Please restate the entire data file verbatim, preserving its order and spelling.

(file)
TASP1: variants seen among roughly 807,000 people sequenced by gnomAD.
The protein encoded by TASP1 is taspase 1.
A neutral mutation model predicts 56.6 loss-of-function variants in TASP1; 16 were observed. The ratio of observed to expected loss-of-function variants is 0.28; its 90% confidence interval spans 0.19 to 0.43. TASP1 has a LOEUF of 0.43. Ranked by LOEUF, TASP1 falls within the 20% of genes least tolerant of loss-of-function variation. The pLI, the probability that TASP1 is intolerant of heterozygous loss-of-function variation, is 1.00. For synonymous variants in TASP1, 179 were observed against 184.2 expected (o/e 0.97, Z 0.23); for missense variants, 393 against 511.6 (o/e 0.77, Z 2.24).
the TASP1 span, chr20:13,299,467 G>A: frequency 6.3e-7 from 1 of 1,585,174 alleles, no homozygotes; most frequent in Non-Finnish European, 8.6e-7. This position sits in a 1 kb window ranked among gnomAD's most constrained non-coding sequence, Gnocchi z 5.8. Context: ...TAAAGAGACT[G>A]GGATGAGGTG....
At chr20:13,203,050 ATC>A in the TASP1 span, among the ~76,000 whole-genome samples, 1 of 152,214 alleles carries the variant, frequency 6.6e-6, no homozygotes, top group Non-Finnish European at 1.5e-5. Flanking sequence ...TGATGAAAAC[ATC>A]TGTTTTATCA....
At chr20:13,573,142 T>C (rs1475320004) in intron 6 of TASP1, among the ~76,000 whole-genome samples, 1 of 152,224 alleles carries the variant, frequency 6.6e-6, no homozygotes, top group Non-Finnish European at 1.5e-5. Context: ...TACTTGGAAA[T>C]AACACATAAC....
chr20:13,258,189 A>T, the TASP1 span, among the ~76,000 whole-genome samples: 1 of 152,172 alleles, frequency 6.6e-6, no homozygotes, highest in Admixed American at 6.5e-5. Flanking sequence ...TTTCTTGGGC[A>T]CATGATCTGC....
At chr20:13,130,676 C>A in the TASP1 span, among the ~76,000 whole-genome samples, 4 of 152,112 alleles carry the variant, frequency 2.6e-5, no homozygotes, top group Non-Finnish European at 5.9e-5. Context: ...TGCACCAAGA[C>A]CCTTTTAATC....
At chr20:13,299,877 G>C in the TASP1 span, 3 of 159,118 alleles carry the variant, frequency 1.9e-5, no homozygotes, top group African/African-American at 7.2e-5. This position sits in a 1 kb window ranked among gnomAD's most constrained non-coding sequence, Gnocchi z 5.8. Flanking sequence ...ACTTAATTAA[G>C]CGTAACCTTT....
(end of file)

TASP1: variants seen among roughly 807,000 people sequenced by gnomAD.
The protein encoded by TASP1 is taspase 1.
A neutral mutation model predicts 56.6 loss-of-function variants in TASP1; 16 were observed. The ratio of observed to expected loss-of-function variants is 0.28; its 90% confidence interval spans 0.19 to 0.43. TASP1 has a LOEUF of 0.43. Ranked by LOEUF, TASP1 falls within the 20% of genes least tolerant of loss-of-function variation. The pLI, the probability that TASP1 is intolerant of heterozygous loss-of-function variation, is 1.00. For synonymous variants in TASP1, 179 were observed against 184.2 expected (o/e 0.97, Z 0.23); for missense variants, 393 against 511.6 (o/e 0.77, Z 2.24).
the TASP1 span, chr20:13,299,467 G>A: frequency 6.3e-7 from 1 of 1,585,174 alleles, no homozygotes; most frequent in Non-Finnish European, 8.6e-7. This position sits in a 1 kb window ranked among gnomAD's most constrained non-coding sequence, Gnocchi z 5.8. Context: ...TAAAGAGACT[G>A]GGATGAGGTG....
At chr20:13,203,050 ATC>A in the TASP1 span, among the ~76,000 whole-genome samples, 1 of 152,214 alleles carries the variant, frequency 6.6e-6, no homozygotes, top group Non-Finnish European at 1.5e-5. Flanking sequence ...TGATGAAAAC[ATC>A]TGTTTTATCA....
At chr20:13,573,142 T>C (rs1475320004) in intron 6 of TASP1, among the ~76,000 whole-genome samples, 1 of 152,224 alleles carries the variant, frequency 6.6e-6, no homozygotes, top group Non-Finnish European at 1.5e-5. Context: ...TACTTGGAAA[T>C]AACACATAAC....
chr20:13,258,189 A>T, the TASP1 span, among the ~76,000 whole-genome samples: 1 of 152,172 alleles, frequency 6.6e-6, no homozygotes, highest in Admixed American at 6.5e-5. Flanking sequence ...TTTCTTGGGC[A>T]CATGATCTGC....
At chr20:13,130,676 C>A in the TASP1 span, among the ~76,000 whole-genome samples, 4 of 152,112 alleles carry the variant, frequency 2.6e-5, no homozygotes, top group Non-Finnish European at 5.9e-5. Context: ...TGCACCAAGA[C>A]CCTTTTAATC....
At chr20:13,299,877 G>C in the TASP1 span, 3 of 159,118 alleles carry the variant, frequency 1.9e-5, no homozygotes, top group African/African-American at 7.2e-5. This position sits in a 1 kb window ranked among gnomAD's most constrained non-coding sequence, Gnocchi z 5.8. Flanking sequence ...ACTTAATTAA[G>C]CGTAACCTTT....